uk es it fr pt nl
Dooega Notaciones
Calidad cuándo Funciona: 3.0
Consistencia de Olas: 3.0
Gente al Agua: 4.0

Overall: 3.6

Ver todas las 18 notaciones

Basado en 1 voto. Votar


Surf Report Feed

Estadísticas de Olas para Dooega, Invierno: Olas con Vientos Ligeros o Terrales

This image shows only the swells directed at Dooega that coincided with light winds or offshore conditions through a typical northern hemisphere winter and is based upon 8485 predictions, one every 3 hours. The direction of the spokes show where quality surf generating swell comes from. Five colours represent increasing wave sizes. Very small swells of less than 0.5m (1.5 feet) high are shown in blue. Green and yellow show increasing swell sizes and red represents the largest swells, greater than >3m (>10ft). In both graphs, the area of any colour is proportional to how frequently that size swell was forecast.

The diagram suggests that the prevailing swell direction, shown by the longest spokes, was W, whereas the the most common wind blows from the SW. The chart at the bottom shows the same thing but without direction information. For example, swells larger than 1.5 feet (0.5m) coincided with good wind conditions 7% of the time, equivalent to 6 days. Open water swells exceeding >3m (>10ft) only occur 1.6% of the time in a typical northern hemisphere winter, equivalent to just one day. Taking into account the ratio of these swells that coincided with predicted offshore winds, and given the fact that Dooega is exposed to open water swells, we estimate that clean surf can be found at Dooega about 7% of the time and that surf is blown out by onshore wind 61% of the time. This is means that we expect 62 days with waves in a typical northern hemisphere winter, of which 6 days should be surfable.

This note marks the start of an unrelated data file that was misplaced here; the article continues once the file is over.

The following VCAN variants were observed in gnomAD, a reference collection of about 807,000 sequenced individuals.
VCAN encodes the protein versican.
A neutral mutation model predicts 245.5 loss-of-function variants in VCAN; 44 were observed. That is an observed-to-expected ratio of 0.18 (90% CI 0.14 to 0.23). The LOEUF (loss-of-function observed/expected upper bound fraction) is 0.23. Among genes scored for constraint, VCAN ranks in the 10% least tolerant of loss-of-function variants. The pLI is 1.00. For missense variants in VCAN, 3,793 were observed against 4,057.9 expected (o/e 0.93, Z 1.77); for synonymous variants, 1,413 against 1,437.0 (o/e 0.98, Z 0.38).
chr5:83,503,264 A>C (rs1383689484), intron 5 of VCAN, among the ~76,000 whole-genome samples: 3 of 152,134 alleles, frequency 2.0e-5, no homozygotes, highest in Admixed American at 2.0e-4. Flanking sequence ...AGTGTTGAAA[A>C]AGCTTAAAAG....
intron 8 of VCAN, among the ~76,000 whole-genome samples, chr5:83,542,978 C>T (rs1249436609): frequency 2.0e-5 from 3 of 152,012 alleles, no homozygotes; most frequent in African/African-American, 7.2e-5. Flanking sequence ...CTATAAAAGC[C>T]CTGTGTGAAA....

IMPORTANT: Beta version feature! Swell heights are open water values from NWW3. There is no attempt to model near-shore effects. Coastal wave heights will generally be less, especially if the break does not have unobstructed exposure to the open ocean.

FEATURE UPDATE: we now show red swell icons for 'open sea' swells that are travelling in an unfavourable direction for the surf break. In places, these swells may still wrap around coastlines and produce smaller waves at some breaks. They are also significant for windsurfers and other water users that tend to venture further off-shore.